Keeping Your Pets Safe from Poisonous Plants
Spring and summer are the seasons for beautiful blooms. However, before you add vegetation to your landscape or bring a bouquet indoors, make sure you arenâ€™t exposing your pets to plants that could harm them.
Know Which Plants Pose Danger
While many plants are perfectly safe for pets, some can be very hazardous. Here are a few of the plants that are most toxic to our furry friends.
- Lilies â€“ The petals, leaves, stems and pollen are all extremely poisonous â€“ often lethal â€“ to cats. Signs of lily poisoning in cats include vomiting, diarrhea, lethargy and seizures. Even the water from a vase of lilies can cause severe kidney failure in felines.
- Bulbs â€“ The onion-skin layer of flower bulbs such as narcissus, tulips, daffodils and hyacinths can be especially dangerous to dogs. Consuming them can cause your pooch a variety of symptoms ranging from vomiting and diarrhea to severe cardiac arrhythmia.
- Crocus â€“ Both the spring crocus and the autumn crocus (which is technically part of the lily family) are highly toxic to cats. Nibbling on these plants can disrupt your kittyâ€™s gastrointestinal system, causing drooling, vomiting, diarrhea. Severe cases can lead to liver and kidney damage, seizures or respiratory failure.
- Sago palm â€“ This popular indoor and outdoor plant can be extremely dangerous to pets, particularly dogs. Without veterinary treatment, sago palm poisoning can be deadly in canines. Consuming even a small amount of the leaves, nuts or seeds may cause severe organ damage.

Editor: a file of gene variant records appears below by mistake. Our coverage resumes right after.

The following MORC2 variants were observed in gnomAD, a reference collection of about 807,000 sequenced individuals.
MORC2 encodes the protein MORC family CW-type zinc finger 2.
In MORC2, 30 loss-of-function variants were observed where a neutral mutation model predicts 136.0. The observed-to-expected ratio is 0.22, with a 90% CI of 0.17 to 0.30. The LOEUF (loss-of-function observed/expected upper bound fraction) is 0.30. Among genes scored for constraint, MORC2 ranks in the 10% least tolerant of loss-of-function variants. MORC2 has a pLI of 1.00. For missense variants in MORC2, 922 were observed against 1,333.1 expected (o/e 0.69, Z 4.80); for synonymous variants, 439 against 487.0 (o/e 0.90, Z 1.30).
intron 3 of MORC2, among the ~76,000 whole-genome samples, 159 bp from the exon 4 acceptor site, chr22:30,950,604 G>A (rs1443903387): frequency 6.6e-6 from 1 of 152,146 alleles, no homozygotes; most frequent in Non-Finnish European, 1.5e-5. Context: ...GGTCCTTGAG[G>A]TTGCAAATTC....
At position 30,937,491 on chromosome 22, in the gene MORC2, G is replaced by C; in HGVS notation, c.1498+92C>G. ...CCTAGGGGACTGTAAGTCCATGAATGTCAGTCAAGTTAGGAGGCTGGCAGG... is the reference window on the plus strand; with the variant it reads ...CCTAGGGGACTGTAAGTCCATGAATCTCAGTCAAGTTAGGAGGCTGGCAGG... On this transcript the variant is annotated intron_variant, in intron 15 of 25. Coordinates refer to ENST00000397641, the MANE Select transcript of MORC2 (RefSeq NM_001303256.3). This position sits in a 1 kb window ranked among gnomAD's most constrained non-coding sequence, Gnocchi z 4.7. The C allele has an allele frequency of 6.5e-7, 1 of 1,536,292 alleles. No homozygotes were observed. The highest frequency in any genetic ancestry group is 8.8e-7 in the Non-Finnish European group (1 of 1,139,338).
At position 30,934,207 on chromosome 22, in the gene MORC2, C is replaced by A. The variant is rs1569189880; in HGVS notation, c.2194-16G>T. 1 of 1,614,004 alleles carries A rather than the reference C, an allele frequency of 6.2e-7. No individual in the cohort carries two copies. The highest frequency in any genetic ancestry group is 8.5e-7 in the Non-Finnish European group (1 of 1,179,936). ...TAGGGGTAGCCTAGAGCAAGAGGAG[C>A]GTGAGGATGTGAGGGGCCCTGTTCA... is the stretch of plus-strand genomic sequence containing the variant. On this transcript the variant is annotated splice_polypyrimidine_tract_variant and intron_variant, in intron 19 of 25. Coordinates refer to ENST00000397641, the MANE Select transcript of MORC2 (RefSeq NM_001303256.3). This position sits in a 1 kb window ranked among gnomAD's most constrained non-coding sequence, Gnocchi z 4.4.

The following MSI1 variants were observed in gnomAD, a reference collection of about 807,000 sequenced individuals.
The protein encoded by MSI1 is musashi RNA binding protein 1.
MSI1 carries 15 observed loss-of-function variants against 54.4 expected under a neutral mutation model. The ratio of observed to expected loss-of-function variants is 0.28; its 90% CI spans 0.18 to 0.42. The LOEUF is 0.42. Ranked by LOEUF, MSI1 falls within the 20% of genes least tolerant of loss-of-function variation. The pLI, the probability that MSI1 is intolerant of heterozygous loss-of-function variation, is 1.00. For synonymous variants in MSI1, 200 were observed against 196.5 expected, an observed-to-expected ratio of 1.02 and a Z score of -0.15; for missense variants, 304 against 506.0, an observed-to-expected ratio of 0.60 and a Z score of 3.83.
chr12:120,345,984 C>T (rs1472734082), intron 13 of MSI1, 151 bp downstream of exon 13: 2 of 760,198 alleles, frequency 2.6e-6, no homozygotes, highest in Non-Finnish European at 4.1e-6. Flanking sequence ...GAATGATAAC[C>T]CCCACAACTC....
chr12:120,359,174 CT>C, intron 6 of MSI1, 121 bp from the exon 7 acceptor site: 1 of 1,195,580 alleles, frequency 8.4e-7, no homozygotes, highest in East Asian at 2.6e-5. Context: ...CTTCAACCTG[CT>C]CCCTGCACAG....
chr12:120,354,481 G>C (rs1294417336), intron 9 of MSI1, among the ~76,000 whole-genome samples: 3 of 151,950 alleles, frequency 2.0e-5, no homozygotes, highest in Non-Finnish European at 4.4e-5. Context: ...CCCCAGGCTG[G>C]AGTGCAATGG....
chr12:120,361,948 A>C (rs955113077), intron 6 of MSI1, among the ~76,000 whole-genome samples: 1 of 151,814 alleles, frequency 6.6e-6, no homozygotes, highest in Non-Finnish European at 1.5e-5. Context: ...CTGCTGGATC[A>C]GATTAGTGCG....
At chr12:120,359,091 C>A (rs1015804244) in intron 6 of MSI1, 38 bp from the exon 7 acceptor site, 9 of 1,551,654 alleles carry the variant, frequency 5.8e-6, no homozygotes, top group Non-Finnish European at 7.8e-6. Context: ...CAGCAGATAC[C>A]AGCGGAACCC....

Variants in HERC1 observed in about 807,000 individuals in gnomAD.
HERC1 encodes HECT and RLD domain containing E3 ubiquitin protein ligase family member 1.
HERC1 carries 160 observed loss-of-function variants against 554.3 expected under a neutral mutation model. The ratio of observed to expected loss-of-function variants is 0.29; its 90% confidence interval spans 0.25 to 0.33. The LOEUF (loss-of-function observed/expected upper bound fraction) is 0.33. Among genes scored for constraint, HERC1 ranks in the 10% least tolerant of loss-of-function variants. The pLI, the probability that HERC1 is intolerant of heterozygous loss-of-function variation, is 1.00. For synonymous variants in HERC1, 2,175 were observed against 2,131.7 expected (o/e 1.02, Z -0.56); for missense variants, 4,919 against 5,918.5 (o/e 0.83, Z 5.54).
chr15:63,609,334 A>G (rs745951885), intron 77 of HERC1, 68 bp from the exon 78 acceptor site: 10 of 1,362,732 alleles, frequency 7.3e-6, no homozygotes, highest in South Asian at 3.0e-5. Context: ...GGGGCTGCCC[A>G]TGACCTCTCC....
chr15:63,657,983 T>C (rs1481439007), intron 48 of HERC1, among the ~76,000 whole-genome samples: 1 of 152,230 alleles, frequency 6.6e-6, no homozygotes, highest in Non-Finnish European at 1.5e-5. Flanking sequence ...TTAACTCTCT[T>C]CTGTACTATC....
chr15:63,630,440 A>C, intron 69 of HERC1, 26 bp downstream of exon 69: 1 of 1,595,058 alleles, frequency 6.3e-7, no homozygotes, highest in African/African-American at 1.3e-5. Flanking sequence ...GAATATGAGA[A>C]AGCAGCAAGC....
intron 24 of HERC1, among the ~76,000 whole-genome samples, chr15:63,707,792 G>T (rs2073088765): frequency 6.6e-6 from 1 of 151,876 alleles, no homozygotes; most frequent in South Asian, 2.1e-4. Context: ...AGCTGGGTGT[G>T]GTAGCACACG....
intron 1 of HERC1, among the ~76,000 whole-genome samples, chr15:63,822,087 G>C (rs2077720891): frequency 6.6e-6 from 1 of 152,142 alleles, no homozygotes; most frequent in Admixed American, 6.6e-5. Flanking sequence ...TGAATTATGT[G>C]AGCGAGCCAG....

- Oleander â€“ Known for its delicate warm-weather blossoms, this evergreen shrub contains deadly toxins that interfere with heart function. Ingesting any part of the plant â€“ even the water in a vase of oleander flowers â€“ can be fatal to many species, including cats, dogs, horses and humans.
Have an Emergency Plan
Even the most careful pet owners canâ€™t prevent every crisis. If your dogâ€™s digging impulse or your catâ€™s natural curiosity has exposed them to these or any other plant toxins, be prepared to respond quickly.
- Preprogram numbers for your regular vet, an emergency vet and a poison control helpline into your phone so youâ€™ll have them if you need them.
- Keep hydrogen peroxide in your home. Using it to induce vomiting can be helpful in many poisoning cases. However, never induce vomiting without consulting poison control or a vet first, because in some circumstances, it could make symptoms worse.
- When taking your pet to the vet for help, bring the plant with you if possible. Knowing exactly what the animal consumed will help the vet know how to treat them.
With a little caution and common sense on your part, your pets and your plants can lead a healthy, happy coexistence. For more information about poisonous plants and pet safety, contact Fresno Pet Emergency & Referral Center Inc.